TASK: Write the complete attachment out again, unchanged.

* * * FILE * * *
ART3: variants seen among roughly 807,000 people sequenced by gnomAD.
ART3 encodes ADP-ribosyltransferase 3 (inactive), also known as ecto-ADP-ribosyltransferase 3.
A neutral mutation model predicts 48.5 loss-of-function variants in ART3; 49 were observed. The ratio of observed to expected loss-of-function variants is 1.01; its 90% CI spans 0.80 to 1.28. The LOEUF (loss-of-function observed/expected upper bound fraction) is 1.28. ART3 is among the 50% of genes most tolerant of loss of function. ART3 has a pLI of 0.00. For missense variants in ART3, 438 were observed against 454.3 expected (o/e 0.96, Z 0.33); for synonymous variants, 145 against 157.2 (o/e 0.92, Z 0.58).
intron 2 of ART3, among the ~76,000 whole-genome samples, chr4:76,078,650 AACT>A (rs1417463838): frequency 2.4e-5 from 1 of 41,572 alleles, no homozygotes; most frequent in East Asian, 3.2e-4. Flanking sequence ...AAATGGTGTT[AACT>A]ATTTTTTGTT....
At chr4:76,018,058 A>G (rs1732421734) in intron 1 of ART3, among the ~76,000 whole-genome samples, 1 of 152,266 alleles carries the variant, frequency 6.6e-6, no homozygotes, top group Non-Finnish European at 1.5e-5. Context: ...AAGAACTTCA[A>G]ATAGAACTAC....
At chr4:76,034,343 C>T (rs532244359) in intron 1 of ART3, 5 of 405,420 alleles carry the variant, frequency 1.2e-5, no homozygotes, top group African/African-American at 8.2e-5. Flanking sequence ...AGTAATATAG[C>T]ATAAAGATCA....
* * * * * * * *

ART3: variants seen among roughly 807,000 people sequenced by gnomAD.
ART3 encodes ADP-ribosyltransferase 3 (inactive), also known as ecto-ADP-ribosyltransferase 3.
A neutral mutation model predicts 48.5 loss-of-function variants in ART3; 49 were observed. The ratio of observed to expected loss-of-function variants is 1.01; its 90% CI spans 0.80 to 1.28. The LOEUF (loss-of-function observed/expected upper bound fraction) is 1.28. ART3 is among the 50% of genes most tolerant of loss of function. ART3 has a pLI of 0.00. For missense variants in ART3, 438 were observed against 454.3 expected (o/e 0.96, Z 0.33); for synonymous variants, 145 against 157.2 (o/e 0.92, Z 0.58).
intron 2 of ART3, among the ~76,000 whole-genome samples, chr4:76,078,650 AACT>A (rs1417463838): frequency 2.4e-5 from 1 of 41,572 alleles, no homozygotes; most frequent in East Asian, 3.2e-4. Flanking sequence ...AAATGGTGTT[AACT>A]ATTTTTTGTT....
At chr4:76,018,058 A>G (rs1732421734) in intron 1 of ART3, among the ~76,000 whole-genome samples, 1 of 152,266 alleles carries the variant, frequency 6.6e-6, no homozygotes, top group Non-Finnish European at 1.5e-5. Context: ...AAGAACTTCA[A>G]ATAGAACTAC....
At chr4:76,034,343 C>T (rs532244359) in intron 1 of ART3, 5 of 405,420 alleles carry the variant, frequency 1.2e-5, no homozygotes, top group African/African-American at 8.2e-5. Flanking sequence ...AGTAATATAG[C>T]ATAAAGATCA....